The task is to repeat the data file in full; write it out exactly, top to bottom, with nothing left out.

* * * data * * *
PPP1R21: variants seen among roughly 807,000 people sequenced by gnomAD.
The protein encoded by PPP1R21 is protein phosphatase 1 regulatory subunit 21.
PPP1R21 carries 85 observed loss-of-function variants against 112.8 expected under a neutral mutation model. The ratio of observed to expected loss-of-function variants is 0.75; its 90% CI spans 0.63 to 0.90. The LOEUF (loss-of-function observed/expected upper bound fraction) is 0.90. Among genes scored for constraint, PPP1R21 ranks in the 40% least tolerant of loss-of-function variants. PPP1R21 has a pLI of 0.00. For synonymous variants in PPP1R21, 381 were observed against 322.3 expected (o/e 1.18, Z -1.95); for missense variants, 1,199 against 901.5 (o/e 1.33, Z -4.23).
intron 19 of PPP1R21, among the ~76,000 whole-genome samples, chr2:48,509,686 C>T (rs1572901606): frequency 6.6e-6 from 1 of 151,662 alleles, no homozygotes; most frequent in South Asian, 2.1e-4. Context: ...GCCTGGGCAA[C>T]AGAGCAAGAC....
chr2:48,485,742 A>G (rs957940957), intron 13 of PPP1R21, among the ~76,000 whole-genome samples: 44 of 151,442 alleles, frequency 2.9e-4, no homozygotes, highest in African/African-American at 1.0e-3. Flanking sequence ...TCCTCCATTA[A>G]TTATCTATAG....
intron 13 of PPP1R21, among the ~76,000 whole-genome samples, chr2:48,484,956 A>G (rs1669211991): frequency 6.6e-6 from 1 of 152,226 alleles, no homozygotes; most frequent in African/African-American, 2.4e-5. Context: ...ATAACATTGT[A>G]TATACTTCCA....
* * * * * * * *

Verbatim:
PPP1R21: variants seen among roughly 807,000 people sequenced by gnomAD.
The protein encoded by PPP1R21 is protein phosphatase 1 regulatory subunit 21.
PPP1R21 carries 85 observed loss-of-function variants against 112.8 expected under a neutral mutation model. The ratio of observed to expected loss-of-function variants is 0.75; its 90% CI spans 0.63 to 0.90. The LOEUF (loss-of-function observed/expected upper bound fraction) is 0.90. Among genes scored for constraint, PPP1R21 ranks in the 40% least tolerant of loss-of-function variants. PPP1R21 has a pLI of 0.00. For synonymous variants in PPP1R21, 381 were observed against 322.3 expected (o/e 1.18, Z -1.95); for missense variants, 1,199 against 901.5 (o/e 1.33, Z -4.23).
intron 19 of PPP1R21, among the ~76,000 whole-genome samples, chr2:48,509,686 C>T (rs1572901606): frequency 6.6e-6 from 1 of 151,662 alleles, no homozygotes; most frequent in South Asian, 2.1e-4. Context: ...GCCTGGGCAA[C>T]AGAGCAAGAC....
chr2:48,485,742 A>G (rs957940957), intron 13 of PPP1R21, among the ~76,000 whole-genome samples: 44 of 151,442 alleles, frequency 2.9e-4, no homozygotes, highest in African/African-American at 1.0e-3. Flanking sequence ...TCCTCCATTA[A>G]TTATCTATAG....
intron 13 of PPP1R21, among the ~76,000 whole-genome samples, chr2:48,484,956 A>G (rs1669211991): frequency 6.6e-6 from 1 of 152,226 alleles, no homozygotes; most frequent in African/African-American, 2.4e-5. Context: ...ATAACATTGT[A>G]TATACTTCCA....